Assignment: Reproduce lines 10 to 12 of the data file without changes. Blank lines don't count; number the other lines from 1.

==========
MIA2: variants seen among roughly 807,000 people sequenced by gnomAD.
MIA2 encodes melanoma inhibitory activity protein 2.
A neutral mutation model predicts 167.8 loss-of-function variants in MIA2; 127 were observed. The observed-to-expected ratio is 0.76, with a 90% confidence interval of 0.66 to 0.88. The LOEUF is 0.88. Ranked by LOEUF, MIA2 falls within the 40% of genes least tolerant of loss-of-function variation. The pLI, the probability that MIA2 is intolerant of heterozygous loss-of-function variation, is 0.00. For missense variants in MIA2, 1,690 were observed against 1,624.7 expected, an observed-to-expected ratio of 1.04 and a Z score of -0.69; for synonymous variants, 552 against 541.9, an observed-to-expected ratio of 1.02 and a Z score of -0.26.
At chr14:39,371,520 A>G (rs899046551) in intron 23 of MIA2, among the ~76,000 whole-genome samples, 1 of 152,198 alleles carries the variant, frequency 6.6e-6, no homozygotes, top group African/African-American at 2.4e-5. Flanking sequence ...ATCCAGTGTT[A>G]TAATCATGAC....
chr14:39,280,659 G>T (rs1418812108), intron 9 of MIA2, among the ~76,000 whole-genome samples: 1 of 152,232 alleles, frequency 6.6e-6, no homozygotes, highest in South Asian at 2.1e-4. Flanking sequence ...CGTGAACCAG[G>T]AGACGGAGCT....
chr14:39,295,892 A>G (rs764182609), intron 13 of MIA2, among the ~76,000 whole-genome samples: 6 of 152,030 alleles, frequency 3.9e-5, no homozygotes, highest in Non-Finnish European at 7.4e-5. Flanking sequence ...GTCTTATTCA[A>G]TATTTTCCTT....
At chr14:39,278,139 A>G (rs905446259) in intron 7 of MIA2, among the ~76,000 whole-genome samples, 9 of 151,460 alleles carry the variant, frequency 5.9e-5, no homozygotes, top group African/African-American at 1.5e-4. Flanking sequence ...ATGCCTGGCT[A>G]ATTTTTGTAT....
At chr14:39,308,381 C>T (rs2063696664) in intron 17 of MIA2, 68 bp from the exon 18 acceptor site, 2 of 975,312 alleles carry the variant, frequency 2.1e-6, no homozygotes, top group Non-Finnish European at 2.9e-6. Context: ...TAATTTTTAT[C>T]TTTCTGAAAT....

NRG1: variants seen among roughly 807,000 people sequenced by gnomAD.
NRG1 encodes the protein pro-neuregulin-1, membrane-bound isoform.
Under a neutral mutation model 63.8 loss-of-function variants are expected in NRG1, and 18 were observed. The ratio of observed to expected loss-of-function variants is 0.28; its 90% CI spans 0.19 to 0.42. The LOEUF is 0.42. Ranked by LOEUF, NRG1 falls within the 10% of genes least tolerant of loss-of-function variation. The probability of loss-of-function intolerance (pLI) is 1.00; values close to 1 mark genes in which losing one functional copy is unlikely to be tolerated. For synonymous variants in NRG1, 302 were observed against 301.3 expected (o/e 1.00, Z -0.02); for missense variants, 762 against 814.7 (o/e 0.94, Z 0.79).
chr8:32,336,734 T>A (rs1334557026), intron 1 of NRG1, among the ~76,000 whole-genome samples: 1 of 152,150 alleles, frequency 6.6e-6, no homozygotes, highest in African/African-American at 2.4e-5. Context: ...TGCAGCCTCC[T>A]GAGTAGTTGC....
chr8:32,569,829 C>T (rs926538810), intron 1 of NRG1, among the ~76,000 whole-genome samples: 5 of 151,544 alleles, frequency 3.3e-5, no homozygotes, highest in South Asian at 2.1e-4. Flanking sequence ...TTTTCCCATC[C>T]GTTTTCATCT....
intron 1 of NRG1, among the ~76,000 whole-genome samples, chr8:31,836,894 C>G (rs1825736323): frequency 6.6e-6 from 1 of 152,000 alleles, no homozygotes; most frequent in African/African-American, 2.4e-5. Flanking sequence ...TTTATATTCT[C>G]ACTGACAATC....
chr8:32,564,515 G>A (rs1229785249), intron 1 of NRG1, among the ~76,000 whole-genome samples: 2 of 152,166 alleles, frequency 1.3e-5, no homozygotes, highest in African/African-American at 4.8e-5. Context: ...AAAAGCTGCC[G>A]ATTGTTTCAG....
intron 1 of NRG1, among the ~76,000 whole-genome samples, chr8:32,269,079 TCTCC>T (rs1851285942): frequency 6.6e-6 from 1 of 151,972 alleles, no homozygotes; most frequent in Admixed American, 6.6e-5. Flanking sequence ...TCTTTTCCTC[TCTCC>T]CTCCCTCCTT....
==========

NRG1 encodes the protein pro-neuregulin-1, membrane-bound isoform.
Under a neutral mutation model 63.8 loss-of-function variants are expected in NRG1, and 18 were observed. The ratio of observed to expected loss-of-function variants is 0.28; its 90% CI spans 0.19 to 0.42. The LOEUF is 0.42. Ranked by LOEUF, NRG1 falls within the 10% of genes least tolerant of loss-of-function variation. The probability of loss-of-function intolerance (pLI) is 1.00; values close to 1 mark genes in which losing one functional copy is unlikely to be tolerated. For synonymous variants in NRG1, 302 were observed against 301.3 expected (o/e 1.00, Z -0.02); for missense variants, 762 against 814.7 (o/e 0.94, Z 0.79).
chr8:32,336,734 T>A (rs1334557026), intron 1 of NRG1, among the ~76,000 whole-genome samples: 1 of 152,150 alleles, frequency 6.6e-6, no homozygotes, highest in African/African-American at 2.4e-5. Context: ...TGCAGCCTCC[T>A]GAGTAGTTGC....